'Mole Mania' Review - Digging Deep

Mole Mania

One of the best things about Nintendo's Virtual Console services is the possibility of discovering games that you never knew existed. In 1996/1997 Shigeru Miyamoto was over a decade into his career, and had some of the biggest games ever released under his belt, but he was still far from being a household name. This made it easy for Mole Mania, a fantastic Game Boy game that he designed, to fly well under the radar of even your most dedicated fans. Fortunately, last week saw the re-release of this forgotten gem via the 3DS' Virtual Console, finally giving it the exposure it deserves.

Mole Mania puts you in the role of Muddy Mole (not to be confused with Montey Mole) who has to save his wife and kids from the evil farmer Jinbe. Played out over a series of puzzle boards that make up eight different worlds, Muddy Mole has to navigate both above and below the ground to make it to the exit in each world. Each board consists of push-and-pull obstacles where Muddy has to get a ball from one side of the board to the other to break down the exit door while avoiding a variety of animal enemies set out to impede his progress. To round out each world, Jinbe has a series of his "animals" serving as bosses for each level, and they must be defeated using the same push-and-pull mechanics as the rest of the levels.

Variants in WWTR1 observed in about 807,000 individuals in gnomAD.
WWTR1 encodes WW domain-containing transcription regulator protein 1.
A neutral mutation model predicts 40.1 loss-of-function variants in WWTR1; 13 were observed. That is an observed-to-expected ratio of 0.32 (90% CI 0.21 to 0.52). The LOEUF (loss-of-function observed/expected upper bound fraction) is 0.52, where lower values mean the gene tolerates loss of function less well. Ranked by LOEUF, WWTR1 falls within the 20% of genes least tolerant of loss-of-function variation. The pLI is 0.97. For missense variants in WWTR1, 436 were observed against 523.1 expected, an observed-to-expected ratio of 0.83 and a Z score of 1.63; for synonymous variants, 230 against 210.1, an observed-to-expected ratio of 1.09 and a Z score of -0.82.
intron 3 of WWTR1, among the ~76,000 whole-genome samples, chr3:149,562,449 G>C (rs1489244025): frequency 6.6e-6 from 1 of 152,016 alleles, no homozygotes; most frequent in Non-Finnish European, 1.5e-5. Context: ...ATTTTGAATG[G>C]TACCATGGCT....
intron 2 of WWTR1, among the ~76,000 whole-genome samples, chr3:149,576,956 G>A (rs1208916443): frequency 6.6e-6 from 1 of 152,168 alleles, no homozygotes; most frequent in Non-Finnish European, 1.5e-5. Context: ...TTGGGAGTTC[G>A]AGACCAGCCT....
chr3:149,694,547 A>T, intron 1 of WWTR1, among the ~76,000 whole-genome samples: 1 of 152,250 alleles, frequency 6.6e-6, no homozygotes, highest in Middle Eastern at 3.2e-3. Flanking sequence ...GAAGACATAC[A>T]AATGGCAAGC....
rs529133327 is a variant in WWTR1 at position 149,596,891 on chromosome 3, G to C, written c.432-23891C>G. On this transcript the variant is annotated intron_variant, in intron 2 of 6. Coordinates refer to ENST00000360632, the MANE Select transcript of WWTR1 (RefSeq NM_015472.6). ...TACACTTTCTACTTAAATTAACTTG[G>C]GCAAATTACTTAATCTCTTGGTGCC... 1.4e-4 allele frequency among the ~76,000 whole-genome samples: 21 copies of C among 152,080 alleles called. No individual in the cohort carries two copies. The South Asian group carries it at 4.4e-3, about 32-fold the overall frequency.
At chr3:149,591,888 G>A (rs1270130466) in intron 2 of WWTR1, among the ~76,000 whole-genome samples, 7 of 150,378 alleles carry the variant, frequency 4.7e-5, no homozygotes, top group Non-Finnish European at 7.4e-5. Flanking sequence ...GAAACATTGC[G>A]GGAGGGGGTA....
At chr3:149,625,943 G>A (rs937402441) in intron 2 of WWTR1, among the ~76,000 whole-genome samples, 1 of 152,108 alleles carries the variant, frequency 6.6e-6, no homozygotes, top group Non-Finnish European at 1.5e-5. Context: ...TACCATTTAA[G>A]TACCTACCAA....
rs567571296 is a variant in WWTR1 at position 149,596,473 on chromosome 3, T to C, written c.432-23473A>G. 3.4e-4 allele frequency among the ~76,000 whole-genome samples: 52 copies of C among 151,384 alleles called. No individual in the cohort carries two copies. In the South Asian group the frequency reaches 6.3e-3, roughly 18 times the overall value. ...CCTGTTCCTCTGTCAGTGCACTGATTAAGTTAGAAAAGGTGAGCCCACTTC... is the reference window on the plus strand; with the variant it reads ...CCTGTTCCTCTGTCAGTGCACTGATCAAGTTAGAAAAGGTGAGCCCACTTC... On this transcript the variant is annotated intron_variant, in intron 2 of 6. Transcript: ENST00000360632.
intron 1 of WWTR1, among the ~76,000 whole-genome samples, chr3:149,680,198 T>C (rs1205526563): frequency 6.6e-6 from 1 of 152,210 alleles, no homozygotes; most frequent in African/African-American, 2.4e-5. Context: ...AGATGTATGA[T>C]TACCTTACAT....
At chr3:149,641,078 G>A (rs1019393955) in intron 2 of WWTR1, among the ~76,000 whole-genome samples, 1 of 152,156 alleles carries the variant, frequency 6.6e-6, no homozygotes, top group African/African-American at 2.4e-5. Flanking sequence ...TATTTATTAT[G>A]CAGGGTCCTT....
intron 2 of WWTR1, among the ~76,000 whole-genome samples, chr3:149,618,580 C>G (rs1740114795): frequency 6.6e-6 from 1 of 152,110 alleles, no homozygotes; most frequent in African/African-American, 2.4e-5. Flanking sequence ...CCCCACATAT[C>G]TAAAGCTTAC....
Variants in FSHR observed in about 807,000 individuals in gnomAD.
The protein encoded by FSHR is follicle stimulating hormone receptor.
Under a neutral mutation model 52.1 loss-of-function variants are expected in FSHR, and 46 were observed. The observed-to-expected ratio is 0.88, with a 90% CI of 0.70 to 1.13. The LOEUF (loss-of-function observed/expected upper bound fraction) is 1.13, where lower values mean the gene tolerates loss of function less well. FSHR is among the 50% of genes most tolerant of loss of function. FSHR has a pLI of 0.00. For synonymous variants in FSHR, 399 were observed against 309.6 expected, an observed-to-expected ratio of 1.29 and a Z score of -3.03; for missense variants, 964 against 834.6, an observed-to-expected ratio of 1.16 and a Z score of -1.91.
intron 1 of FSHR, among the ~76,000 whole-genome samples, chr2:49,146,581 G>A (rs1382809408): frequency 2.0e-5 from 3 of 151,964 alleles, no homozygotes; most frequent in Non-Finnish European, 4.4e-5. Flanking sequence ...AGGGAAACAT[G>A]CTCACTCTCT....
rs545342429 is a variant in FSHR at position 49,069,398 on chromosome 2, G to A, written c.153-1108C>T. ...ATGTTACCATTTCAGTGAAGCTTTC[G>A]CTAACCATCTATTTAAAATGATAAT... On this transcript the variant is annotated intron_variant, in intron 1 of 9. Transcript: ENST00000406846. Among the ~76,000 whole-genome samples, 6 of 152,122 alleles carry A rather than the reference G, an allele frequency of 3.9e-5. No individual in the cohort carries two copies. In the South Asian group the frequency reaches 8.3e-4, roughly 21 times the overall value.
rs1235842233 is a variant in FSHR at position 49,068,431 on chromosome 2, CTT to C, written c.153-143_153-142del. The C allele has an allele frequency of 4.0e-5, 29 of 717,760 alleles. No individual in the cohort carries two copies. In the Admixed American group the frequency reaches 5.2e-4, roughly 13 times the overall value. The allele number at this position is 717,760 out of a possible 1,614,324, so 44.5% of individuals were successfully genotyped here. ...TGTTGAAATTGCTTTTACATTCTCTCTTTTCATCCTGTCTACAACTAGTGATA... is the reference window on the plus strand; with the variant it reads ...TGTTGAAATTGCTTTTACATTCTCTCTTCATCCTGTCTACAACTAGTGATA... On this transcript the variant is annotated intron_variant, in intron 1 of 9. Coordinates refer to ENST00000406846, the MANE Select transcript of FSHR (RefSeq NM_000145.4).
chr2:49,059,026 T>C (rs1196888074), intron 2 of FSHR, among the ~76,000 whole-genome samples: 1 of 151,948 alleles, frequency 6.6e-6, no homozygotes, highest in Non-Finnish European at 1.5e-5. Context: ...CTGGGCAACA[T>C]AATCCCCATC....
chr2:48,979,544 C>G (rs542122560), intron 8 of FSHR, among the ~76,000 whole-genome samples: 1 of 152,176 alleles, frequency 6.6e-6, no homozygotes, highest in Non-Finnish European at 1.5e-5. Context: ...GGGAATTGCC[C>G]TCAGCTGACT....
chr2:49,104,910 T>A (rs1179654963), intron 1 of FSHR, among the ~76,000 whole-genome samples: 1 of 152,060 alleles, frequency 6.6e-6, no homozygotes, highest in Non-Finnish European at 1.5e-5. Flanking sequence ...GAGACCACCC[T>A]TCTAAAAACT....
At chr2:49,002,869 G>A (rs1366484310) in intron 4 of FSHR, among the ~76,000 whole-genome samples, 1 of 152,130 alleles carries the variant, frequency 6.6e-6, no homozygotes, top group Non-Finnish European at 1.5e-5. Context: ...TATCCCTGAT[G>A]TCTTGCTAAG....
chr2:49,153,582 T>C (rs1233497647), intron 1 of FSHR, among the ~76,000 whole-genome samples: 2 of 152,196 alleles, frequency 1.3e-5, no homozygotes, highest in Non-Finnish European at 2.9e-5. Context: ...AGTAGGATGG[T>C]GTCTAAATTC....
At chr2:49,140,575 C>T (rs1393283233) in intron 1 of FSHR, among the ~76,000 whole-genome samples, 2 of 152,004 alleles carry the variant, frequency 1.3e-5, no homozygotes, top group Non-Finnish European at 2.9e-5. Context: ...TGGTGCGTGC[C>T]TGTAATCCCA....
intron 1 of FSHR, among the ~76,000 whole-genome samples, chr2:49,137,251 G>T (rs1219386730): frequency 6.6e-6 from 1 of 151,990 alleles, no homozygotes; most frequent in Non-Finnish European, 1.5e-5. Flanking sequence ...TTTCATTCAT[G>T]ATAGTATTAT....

Mole Mania

At first glance Mole Mania might appear to be just another Game Boy puzzle game, tasking players with clearing each room before they move on. However, after digging in a little further, it becomes abundantly clear that the dual level gameplay, mixed with the variety of creatures in each world, make every board a unique experience. When you trek through the later levels in the game, and you're trying to figure out how to move the ball across a screen full of holes which you need to plug with barrels, while avoiding enemies that are flying at you from all sides, you realize that there's something a little different about this game. In addition to the boss fights, each level also includes a bonus level that you can discover where you face off against Jinbe on-one-on to score some extra points.

One of the only downsides of Mole Mania is actually one of its biggest selling points – its difficulty. Whereas some players may find that the game puts players through their paces trying to figure out the intricacies of each board, the complexity of the later level may be a bit of a turn off for someone that's just looking for a mindless puzzle game (pretty sure that's an oxymoron).

Mole Mania

This release is a great example of the mid-to-late lifecycle Game Boy games that really helped define mobile gaming. It's puzzles are short and to the point, the overall concept it easy enough to pick up and play, but complex enough to drive you mad as you progress through the game. Plus, there's a healthy amount of levels, meaning you should get your money's worth (especially at $2.99). Anyone that's ever played any of Miyamoto's games should spend the pocket change to check out one of his lesser-known releases to get a look at what, arguably, the greatest game designer ever was working on early in his career, while no one was looking.

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